Take the 2-minute tour ×
Stack Overflow is a question and answer site for professional and enthusiast programmers. It's 100% free, no registration required.

I recently read "Object Oriented Exception Handling in Perl" Perl.com article. Is there any point to use exceptions in Perl?

share|improve this question
use expceptions or use object oriented exceptions? –  innaM Feb 2 '09 at 13:52
are there normal exception?? or do you mean warn and die?? I'm talking about the OO ones/ –  mandel Feb 2 '09 at 14:13
Thanks for pointing out the article - I learned about oveload module :) –  Arkadiy Feb 2 '09 at 14:18

4 Answers 4

up vote 15 down vote accepted

I should note that the article you referenced is old, and that you should now use Exception::Class instead of Error.pm, which is quirky and tends to break (it's what I call "black magick"). I should note that I am now the Error.pm maintainer, but I no longer recommend it or make use of it for my own code.

share|improve this answer
I would like to award you a Disciplined badge for recommending others not to use your own module. –  Dan Dascalescu Mar 6 '14 at 11:32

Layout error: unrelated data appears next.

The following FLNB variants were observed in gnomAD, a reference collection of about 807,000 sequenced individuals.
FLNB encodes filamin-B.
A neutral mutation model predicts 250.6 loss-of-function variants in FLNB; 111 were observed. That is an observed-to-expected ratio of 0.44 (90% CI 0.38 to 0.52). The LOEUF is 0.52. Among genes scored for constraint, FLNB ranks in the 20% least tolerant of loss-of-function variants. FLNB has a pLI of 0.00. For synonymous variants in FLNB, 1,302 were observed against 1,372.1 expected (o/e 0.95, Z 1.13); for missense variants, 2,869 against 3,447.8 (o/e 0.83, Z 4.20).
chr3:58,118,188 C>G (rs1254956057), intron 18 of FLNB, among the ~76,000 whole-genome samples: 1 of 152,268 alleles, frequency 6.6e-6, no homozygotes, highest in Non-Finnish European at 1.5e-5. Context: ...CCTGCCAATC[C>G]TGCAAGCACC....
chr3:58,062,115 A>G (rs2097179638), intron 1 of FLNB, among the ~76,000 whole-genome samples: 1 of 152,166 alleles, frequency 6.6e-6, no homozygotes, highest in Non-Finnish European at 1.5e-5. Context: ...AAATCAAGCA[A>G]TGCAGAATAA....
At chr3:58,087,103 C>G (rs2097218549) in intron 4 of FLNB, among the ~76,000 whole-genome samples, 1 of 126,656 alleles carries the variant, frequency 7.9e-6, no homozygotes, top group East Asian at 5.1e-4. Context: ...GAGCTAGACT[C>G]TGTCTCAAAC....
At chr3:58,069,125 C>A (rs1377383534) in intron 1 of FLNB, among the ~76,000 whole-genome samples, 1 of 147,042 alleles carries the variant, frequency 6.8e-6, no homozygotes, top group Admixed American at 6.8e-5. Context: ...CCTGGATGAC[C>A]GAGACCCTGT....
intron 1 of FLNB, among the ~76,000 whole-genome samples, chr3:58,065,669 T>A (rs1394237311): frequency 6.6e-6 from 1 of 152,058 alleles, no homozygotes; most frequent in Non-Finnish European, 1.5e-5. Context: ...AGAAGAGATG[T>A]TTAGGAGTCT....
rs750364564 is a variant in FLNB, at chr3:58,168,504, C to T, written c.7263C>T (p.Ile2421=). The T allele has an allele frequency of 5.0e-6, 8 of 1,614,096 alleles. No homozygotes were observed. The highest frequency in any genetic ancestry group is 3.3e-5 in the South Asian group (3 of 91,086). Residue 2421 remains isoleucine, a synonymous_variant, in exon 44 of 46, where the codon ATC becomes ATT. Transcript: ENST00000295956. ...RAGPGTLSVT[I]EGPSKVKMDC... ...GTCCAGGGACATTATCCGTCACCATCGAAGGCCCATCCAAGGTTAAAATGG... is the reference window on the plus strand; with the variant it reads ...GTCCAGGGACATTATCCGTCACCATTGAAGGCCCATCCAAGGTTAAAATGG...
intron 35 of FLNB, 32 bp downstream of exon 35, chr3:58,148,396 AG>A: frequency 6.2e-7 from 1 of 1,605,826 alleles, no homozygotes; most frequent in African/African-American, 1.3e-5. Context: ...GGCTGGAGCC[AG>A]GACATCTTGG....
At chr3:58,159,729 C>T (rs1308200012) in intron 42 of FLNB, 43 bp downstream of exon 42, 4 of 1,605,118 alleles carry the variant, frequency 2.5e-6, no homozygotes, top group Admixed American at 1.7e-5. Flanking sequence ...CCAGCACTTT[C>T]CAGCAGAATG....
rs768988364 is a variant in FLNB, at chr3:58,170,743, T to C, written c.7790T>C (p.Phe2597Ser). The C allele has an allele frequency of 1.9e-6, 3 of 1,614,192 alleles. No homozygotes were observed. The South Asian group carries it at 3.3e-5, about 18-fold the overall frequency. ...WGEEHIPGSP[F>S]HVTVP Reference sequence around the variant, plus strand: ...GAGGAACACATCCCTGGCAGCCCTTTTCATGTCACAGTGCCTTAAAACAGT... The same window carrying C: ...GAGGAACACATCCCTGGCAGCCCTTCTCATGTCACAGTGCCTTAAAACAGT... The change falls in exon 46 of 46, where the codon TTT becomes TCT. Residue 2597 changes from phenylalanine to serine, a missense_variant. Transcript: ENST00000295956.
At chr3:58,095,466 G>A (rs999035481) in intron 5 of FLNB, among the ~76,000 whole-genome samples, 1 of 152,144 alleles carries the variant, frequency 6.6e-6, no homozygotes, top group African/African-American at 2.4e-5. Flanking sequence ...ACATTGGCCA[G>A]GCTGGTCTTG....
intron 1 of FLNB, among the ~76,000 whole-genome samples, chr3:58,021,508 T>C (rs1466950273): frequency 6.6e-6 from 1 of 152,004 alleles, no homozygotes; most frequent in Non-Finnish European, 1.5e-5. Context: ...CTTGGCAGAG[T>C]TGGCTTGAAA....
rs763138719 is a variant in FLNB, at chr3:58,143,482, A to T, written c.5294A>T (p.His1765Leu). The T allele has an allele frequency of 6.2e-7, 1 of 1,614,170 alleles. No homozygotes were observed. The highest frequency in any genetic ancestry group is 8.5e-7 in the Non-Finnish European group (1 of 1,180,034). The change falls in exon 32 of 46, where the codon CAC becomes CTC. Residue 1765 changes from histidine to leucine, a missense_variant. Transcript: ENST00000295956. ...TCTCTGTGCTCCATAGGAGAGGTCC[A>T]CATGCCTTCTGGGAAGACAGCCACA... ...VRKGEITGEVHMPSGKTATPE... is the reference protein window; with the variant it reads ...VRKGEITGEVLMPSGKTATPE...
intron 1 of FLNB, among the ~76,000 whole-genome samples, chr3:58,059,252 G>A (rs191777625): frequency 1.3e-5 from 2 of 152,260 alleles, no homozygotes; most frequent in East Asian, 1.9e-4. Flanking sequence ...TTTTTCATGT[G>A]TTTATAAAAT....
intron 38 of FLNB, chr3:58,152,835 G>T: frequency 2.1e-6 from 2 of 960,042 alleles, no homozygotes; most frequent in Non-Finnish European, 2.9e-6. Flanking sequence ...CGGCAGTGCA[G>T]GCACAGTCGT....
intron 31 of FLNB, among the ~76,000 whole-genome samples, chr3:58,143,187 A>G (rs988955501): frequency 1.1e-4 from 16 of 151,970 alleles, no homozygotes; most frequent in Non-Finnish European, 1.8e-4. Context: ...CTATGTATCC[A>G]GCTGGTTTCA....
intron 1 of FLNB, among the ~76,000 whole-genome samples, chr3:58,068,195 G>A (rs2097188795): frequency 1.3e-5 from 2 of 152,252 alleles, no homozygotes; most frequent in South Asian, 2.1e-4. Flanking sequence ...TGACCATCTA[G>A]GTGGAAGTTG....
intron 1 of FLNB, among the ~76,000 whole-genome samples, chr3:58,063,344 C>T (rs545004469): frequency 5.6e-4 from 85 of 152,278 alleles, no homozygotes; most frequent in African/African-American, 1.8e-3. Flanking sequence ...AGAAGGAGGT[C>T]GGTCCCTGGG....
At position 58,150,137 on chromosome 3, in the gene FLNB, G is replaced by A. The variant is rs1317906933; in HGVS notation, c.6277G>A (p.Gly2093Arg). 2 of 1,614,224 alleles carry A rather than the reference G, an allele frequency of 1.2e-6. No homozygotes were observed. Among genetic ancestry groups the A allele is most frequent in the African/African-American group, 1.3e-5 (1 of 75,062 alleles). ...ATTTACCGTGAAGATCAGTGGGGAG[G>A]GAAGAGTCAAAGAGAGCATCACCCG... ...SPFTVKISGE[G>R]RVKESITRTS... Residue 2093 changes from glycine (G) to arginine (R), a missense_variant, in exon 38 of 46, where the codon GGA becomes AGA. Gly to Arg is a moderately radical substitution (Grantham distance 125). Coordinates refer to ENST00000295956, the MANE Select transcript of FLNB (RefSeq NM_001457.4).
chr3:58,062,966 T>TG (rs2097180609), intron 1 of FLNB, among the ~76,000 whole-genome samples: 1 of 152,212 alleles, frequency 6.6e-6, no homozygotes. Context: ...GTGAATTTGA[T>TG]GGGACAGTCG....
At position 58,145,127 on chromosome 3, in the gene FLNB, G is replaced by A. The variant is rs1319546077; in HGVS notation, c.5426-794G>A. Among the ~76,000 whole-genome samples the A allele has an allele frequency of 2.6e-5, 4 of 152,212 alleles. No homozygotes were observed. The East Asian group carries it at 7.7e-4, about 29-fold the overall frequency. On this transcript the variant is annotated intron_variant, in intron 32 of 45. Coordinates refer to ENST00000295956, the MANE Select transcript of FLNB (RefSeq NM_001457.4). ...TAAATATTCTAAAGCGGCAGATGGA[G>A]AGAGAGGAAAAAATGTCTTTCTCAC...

"is there any point to use exceptions in Perl?"

Yes, I highly recommend reading the "Error Handling" chapter in Perl Best Practices by Damian Conway.

It certainly opened my eyes ;-)


share|improve this answer

Absolutely. If you throw a simple 'die', you really don't have any more information that the computer can handle. For example, I have a test framework which uses Test::Most and that module can allow you to die on test failures. However, my framework needed to know if I was dying because a test failed or because the code died. Thus, I threw a Test::Most::Exception and my framework can check the exception type and take appropriate action.

Exceptions are your friend :)

share|improve this answer

In any programming language, exceptions can allow you to deal with different types of errors in different ways. This can be really useful for keeping track of fine-grained errors in testing and intelligently dealing the recoverable errors within your program. It's not worthwhile for every throwaway program you write, but for things you spend a lot of time developing it can be worth the effort.

share|improve this answer

Your Answer


By posting your answer, you agree to the privacy policy and terms of service.

Not the answer you're looking for? Browse other questions tagged or ask your own question.